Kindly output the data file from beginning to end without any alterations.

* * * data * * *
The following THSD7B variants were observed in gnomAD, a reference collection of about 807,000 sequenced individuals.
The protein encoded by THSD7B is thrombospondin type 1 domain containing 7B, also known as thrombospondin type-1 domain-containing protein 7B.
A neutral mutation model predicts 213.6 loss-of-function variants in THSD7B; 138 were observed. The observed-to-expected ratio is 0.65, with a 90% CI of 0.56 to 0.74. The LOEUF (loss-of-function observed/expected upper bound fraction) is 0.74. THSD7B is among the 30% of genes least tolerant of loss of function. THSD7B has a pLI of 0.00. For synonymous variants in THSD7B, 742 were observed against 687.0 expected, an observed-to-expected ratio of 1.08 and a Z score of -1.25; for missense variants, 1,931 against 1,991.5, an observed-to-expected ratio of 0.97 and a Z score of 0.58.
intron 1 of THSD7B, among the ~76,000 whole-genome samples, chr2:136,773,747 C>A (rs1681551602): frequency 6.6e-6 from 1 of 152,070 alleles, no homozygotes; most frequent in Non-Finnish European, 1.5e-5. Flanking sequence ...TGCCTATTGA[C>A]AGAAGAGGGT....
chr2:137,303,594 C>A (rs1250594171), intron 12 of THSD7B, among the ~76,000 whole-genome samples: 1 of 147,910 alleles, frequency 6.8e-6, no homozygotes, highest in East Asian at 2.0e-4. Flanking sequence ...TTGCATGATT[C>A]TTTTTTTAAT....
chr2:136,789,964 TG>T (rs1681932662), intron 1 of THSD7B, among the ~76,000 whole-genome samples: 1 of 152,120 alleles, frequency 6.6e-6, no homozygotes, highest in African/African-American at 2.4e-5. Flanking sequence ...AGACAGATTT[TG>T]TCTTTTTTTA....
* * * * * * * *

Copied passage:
The following THSD7B variants were observed in gnomAD, a reference collection of about 807,000 sequenced individuals.
The protein encoded by THSD7B is thrombospondin type 1 domain containing 7B, also known as thrombospondin type-1 domain-containing protein 7B.
A neutral mutation model predicts 213.6 loss-of-function variants in THSD7B; 138 were observed. The observed-to-expected ratio is 0.65, with a 90% CI of 0.56 to 0.74. The LOEUF (loss-of-function observed/expected upper bound fraction) is 0.74. THSD7B is among the 30% of genes least tolerant of loss of function. THSD7B has a pLI of 0.00. For synonymous variants in THSD7B, 742 were observed against 687.0 expected, an observed-to-expected ratio of 1.08 and a Z score of -1.25; for missense variants, 1,931 against 1,991.5, an observed-to-expected ratio of 0.97 and a Z score of 0.58.
intron 1 of THSD7B, among the ~76,000 whole-genome samples, chr2:136,773,747 C>A (rs1681551602): frequency 6.6e-6 from 1 of 152,070 alleles, no homozygotes; most frequent in Non-Finnish European, 1.5e-5. Flanking sequence ...TGCCTATTGA[C>A]AGAAGAGGGT....
chr2:137,303,594 C>A (rs1250594171), intron 12 of THSD7B, among the ~76,000 whole-genome samples: 1 of 147,910 alleles, frequency 6.8e-6, no homozygotes, highest in East Asian at 2.0e-4. Flanking sequence ...TTGCATGATT[C>A]TTTTTTTAAT....
chr2:136,789,964 TG>T (rs1681932662), intron 1 of THSD7B, among the ~76,000 whole-genome samples: 1 of 152,120 alleles, frequency 6.6e-6, no homozygotes, highest in African/African-American at 2.4e-5. Flanking sequence ...AGACAGATTT[TG>T]TCTTTTTTTA....